The floating golden sphere, bristling with corkscrew strands of RNA, drifts majestically toward the jostling lipid bilayer that surrounds a cell
If you have an interest in anything in the world, then you have an interest in chemistry because everything you hear, see, taste, smell and touch involves chemistry and chemicals. Our ability to understand the chemical make-up of things and chemical reactions has led to everything from modern food and drugs to plastics and computers.
Center for Chemistry at the Space-Time Limit develops new tool that could revolutionize chemistry
Scientists explain how love truly is a chemical reaction
Esther S. Takeuchi discusses her work on a battery that powers implantable cardiac defibrillators
The science of snow--how it's formed and how it reacts has been studied by scientists for centuries
A mathematician explains how the unique surface of ice makes the slide and glide of winter sports possible
Under a tiny Christmas tree sits a questionable "gift" - a microbial fuel cell generating enough energy to activate the lights on the tree
One bond can make all the difference
One common belief is that a compound in turkey known as tryptophan makes people especially drowsy, but we're here to debunk this holiday myth.
Nina Ruelle tells the story of Tyrian Purple, a dye created from the marine snail known as Bolinus brandaris
"Chemistry of Fear and Fright" explains how two hormones, adrenaline and cortisol, work to trigger a cascade of "fight or flight" fear responses when you're confronted by a spider, great height or snake.
In this video, Professor Bruce E Logan from Pennsylvania State University shows us a microbial fuel cell, a device that can extract the energy from wastewater and turn it into electricity.
This video uses common table salt to explain and illustrate what happens between the electrons and protons in atoms of the element sodium and atoms and the element chlorine to make crystals of sodium chloride.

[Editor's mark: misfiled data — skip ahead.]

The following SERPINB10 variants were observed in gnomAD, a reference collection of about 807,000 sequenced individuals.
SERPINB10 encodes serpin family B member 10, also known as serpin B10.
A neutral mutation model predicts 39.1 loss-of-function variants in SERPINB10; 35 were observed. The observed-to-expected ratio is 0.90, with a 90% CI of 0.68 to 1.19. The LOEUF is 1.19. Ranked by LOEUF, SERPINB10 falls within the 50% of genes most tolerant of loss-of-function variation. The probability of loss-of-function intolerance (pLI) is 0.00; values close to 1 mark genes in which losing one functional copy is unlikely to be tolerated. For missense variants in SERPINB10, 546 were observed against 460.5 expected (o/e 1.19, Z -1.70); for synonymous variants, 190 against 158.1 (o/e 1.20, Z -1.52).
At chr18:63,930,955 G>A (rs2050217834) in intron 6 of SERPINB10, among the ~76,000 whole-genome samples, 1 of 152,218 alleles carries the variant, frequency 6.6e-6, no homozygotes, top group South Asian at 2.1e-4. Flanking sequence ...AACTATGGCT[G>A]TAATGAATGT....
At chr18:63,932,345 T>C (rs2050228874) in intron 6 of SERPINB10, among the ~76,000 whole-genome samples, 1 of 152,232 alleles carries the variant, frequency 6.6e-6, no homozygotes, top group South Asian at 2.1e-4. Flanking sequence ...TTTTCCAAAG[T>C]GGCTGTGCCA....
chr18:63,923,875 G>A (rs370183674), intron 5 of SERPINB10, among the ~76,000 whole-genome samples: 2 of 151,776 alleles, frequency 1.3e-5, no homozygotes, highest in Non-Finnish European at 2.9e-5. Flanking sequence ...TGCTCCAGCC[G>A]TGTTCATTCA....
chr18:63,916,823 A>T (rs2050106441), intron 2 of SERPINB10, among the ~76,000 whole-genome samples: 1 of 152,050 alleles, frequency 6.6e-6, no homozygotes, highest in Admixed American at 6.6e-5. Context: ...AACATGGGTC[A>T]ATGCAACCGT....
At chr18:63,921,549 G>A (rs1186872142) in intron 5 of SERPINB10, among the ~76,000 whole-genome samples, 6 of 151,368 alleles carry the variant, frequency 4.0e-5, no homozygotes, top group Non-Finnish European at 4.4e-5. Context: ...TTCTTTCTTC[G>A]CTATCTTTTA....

Plant fungi & bacteria called "endophytes" fueling breakthroughs in energy, medicine and more
This video tells the story of how the world's most used plastic was first formed and developed into the "miracle" material of post-WWII America.
This episode of Prized Science features celebrated chemistry professor Diane Bunce, winner of the ACS George C. Pimentel Award in Chemical Education.
Vicki Grassian helps scientists better understand the complex and wide ranging behavior of dust particles. Vicki's work paints a clearer picture of atmospheric chemistry and the role particulate matter plays in the environment.
The links between molecule structure and physical properties.
Peter Stang is the winner of the 2013 American Chemical Society Priestley Medal, the highest honor given by ACS, for his work building new molecules via "self-assembly," an approach inspired by nature.
Responding to the months-long oil spill from a BP well in the Gulf of Mexico in 2010, a team of polymer chemists in Mississippi set to inventing a non-toxic chemical dispersant that could break up oily deposits without harming marine or wetlands wildlife.